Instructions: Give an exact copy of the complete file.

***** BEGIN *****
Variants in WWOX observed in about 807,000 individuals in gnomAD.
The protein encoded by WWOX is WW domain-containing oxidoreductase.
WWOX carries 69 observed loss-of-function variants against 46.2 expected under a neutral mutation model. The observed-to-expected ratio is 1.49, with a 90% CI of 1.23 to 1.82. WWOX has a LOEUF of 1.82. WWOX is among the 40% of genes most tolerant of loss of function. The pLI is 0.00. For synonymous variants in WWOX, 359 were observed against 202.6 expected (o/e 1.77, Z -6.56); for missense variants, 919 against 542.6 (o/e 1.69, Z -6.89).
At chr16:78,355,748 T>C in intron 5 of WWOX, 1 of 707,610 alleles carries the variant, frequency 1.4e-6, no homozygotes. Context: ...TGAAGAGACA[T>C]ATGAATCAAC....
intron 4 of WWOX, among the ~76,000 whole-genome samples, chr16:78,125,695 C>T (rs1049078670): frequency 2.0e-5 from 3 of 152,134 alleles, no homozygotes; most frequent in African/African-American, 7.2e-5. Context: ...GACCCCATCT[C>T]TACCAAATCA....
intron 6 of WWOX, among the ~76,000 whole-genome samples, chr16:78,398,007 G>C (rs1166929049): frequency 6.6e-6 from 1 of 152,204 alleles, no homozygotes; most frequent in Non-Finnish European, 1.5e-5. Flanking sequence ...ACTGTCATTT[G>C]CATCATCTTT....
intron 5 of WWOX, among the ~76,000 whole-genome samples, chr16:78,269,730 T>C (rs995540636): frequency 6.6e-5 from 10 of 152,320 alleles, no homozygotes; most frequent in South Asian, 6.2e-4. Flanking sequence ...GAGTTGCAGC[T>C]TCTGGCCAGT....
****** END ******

Variants in WWOX observed in about 807,000 individuals in gnomAD.
The protein encoded by WWOX is WW domain-containing oxidoreductase.
WWOX carries 69 observed loss-of-function variants against 46.2 expected under a neutral mutation model. The observed-to-expected ratio is 1.49, with a 90% CI of 1.23 to 1.82. WWOX has a LOEUF of 1.82. WWOX is among the 40% of genes most tolerant of loss of function. The pLI is 0.00. For synonymous variants in WWOX, 359 were observed against 202.6 expected (o/e 1.77, Z -6.56); for missense variants, 919 against 542.6 (o/e 1.69, Z -6.89).
At chr16:78,355,748 T>C in intron 5 of WWOX, 1 of 707,610 alleles carries the variant, frequency 1.4e-6, no homozygotes. Context: ...TGAAGAGACA[T>C]ATGAATCAAC....
intron 4 of WWOX, among the ~76,000 whole-genome samples, chr16:78,125,695 C>T (rs1049078670): frequency 2.0e-5 from 3 of 152,134 alleles, no homozygotes; most frequent in African/African-American, 7.2e-5. Context: ...GACCCCATCT[C>T]TACCAAATCA....
intron 6 of WWOX, among the ~76,000 whole-genome samples, chr16:78,398,007 G>C (rs1166929049): frequency 6.6e-6 from 1 of 152,204 alleles, no homozygotes; most frequent in Non-Finnish European, 1.5e-5. Flanking sequence ...ACTGTCATTT[G>C]CATCATCTTT....
intron 5 of WWOX, among the ~76,000 whole-genome samples, chr16:78,269,730 T>C (rs995540636): frequency 6.6e-5 from 10 of 152,320 alleles, no homozygotes; most frequent in South Asian, 6.2e-4. Flanking sequence ...GAGTTGCAGC[T>C]TCTGGCCAGT....